- The self-service kiosk market will reach an estimated $30.8 billion by 2024, according to new research from Tillster, which surveyed 2,000 QSR and fast casual customers with the help of SSI.
- Even if lines were equal length, 30% of customers said they would prefer to order from a kiosks. When line length has more than four people, a majority of customers would prefer to use kiosks.
- Customers of all ages said they would visit a QSR or fast casual more if a kiosk was offered.
Self-order kiosks are making an increasing appearance at QSR restaurants as different retailers look for ways to provide consumers with a tech-driven experience. Panera Bread was one of the first restaurants to offer kiosks, citing labor savings as one of the drivers, as well as encouraging menu browsing, shorter lines and better order accuracy.
McDonald's is delving deep into self-order kiosks as part of its Experience of the Future remodels. Pilot tests of the kiosks in 2016 resulted in increased foot traffic as well as a slight increase in sales. Customers seemed more pleased with the experience, although it may partly because an employee brought them their food. Overall, the brand is investing heavily on technology, recently spending $300 million to purchase app developer Dynamic Yield in addition to its $6 billion investment in the tech-centric remodels.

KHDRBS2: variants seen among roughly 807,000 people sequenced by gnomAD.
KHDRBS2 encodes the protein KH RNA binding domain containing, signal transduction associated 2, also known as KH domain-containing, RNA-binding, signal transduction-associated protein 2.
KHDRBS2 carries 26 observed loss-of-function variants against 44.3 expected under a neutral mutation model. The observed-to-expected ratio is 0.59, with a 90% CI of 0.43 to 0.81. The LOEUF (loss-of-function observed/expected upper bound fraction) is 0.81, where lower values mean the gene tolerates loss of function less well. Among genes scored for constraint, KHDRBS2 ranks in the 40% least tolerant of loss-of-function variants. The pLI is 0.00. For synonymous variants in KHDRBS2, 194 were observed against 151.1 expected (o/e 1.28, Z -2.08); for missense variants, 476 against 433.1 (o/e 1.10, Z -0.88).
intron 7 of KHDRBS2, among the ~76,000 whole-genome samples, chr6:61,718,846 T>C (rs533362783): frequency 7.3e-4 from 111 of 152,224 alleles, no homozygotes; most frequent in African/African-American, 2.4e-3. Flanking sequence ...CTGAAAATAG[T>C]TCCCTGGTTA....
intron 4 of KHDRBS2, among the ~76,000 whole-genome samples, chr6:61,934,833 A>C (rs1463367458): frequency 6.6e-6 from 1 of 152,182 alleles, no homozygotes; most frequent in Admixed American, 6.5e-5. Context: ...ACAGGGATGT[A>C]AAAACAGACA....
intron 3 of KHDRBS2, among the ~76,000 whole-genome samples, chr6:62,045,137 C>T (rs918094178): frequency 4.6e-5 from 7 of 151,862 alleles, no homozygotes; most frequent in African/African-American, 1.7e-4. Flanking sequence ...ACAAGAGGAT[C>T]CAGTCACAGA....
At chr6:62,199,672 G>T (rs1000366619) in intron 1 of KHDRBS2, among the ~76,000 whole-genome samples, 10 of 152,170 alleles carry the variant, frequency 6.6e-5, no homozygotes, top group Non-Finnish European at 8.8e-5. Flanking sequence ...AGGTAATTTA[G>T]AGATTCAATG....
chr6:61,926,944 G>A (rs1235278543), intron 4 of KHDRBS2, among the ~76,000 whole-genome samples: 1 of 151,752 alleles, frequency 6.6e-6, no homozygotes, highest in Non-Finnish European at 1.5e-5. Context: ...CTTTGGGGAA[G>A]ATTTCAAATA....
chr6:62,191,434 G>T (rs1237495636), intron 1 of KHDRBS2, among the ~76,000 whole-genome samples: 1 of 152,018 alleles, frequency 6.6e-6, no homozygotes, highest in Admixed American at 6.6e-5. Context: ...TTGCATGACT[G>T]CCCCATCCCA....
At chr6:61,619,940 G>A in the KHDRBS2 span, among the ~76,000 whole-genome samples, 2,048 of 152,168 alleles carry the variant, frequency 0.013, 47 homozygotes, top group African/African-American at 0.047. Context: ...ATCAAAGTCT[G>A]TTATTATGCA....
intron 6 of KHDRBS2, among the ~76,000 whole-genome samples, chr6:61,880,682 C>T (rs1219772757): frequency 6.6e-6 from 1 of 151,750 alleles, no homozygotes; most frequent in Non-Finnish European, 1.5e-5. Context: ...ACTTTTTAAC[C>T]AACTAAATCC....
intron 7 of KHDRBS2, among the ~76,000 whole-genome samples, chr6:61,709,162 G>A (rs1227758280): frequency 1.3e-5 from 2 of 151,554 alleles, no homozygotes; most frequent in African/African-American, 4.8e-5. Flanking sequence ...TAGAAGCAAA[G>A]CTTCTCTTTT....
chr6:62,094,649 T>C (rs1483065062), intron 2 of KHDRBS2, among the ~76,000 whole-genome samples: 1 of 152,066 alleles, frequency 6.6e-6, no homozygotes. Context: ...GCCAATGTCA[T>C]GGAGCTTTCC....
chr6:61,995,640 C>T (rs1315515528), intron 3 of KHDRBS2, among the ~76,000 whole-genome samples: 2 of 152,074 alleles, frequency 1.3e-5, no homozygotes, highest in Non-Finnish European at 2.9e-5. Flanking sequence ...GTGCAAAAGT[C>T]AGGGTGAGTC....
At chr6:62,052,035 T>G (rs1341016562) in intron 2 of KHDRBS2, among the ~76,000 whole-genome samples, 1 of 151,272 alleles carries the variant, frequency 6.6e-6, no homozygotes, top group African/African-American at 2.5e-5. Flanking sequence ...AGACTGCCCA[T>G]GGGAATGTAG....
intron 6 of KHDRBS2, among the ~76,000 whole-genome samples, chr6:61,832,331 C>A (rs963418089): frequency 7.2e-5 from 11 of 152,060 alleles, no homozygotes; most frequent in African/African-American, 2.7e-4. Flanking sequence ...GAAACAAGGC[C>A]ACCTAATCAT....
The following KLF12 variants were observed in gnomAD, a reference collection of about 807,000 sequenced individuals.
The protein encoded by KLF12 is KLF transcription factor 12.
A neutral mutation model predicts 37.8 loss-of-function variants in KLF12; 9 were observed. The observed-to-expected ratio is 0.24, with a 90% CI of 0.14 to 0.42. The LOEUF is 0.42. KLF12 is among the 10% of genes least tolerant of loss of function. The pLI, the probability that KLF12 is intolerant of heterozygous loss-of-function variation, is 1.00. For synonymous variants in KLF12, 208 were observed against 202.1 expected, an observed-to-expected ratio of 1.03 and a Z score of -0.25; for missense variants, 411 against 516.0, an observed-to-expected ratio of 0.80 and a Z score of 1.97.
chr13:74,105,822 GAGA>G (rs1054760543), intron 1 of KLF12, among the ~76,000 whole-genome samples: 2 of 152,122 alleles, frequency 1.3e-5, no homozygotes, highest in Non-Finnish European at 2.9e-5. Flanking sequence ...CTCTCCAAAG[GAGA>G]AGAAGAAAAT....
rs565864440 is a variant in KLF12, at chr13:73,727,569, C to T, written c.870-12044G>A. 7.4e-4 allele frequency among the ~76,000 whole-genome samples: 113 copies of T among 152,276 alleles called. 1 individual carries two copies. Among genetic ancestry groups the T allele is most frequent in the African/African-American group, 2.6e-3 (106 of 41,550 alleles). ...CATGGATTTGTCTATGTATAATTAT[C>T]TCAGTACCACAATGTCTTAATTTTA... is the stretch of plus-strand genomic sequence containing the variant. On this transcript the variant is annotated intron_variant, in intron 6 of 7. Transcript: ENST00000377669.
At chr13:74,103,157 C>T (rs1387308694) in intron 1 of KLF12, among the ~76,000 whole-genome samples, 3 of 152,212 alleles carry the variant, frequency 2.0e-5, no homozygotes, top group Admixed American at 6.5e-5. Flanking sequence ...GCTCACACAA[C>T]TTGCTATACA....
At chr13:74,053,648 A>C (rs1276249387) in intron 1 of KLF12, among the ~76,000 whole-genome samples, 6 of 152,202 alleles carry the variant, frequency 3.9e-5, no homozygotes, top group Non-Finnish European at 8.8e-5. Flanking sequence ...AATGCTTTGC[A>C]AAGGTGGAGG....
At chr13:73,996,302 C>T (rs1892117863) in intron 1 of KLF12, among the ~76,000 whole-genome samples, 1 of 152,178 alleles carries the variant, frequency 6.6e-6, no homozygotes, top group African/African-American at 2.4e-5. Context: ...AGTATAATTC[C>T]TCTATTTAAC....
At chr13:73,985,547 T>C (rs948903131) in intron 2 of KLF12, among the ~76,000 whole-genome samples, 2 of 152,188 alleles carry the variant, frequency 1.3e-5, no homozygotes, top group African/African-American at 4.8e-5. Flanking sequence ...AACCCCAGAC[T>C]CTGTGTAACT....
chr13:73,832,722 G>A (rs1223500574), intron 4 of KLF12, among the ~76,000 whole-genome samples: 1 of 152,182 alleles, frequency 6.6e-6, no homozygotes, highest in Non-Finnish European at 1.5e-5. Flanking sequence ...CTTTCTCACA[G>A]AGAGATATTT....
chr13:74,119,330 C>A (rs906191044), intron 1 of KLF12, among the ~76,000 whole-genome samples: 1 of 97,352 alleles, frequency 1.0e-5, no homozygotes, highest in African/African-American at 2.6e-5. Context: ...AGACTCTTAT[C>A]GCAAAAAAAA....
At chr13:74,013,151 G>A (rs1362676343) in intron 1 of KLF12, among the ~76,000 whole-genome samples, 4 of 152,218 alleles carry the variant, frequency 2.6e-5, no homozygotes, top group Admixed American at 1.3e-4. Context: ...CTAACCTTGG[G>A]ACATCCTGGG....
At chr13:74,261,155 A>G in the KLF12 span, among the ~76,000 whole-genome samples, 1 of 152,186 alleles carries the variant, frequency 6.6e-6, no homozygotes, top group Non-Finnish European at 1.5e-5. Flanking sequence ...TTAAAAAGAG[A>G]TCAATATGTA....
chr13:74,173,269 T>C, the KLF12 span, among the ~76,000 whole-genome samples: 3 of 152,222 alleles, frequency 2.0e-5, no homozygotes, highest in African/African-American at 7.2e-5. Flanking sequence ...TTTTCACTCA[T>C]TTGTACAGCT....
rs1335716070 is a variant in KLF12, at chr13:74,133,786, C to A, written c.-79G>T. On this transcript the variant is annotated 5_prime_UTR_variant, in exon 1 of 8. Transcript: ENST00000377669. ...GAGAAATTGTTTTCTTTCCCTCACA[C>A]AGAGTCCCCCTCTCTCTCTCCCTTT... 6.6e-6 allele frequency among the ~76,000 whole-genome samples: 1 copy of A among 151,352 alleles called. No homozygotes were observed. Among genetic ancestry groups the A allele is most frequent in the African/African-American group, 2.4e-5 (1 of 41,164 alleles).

Shake Shack plans to revisiting the tech with its new CMO Jay Livingston, who is tasked to provide personalized guest experiences through digital channels, including kiosks. Subway is in the midst of a brandwide revamp and is also adding kiosks to the menu of tech tools that it hopes to include in its new store concepts, while Taco Bell is aiming to install self-order kiosks in all of its restaurants by the end of 2019. Sonic Drive-In, one of the longest users of self-order technology, is now tapping AI technology to give its giant digital menus a boost.
There are still a few kinks to work out for self-order kiosks, however, and some consumers may never prefer a human-less customer service experience. The software that powers the technology will need to be user-friendly and bug-free if consumers are going to adopt the concept. The system also has to integrate flawlessly with the restaurant and can't cause regular order traffic at the counter to get backlogged.
And when designing the user interface, restaurants should keep in mind who will be using the technology. In most cases, the restaurant will still need to have a staff member on hand who can take orders from people unfamiliar with the technology or if an error occurs.
While kiosks are becoming a more common sight at QSRs and even the fast casual space, the verdict is still out on whether the technology will provide the value proposition that some have touted. The upside is that the machines are good at collecting data and will soon reveal whether consumers are ready for futuristic ordering.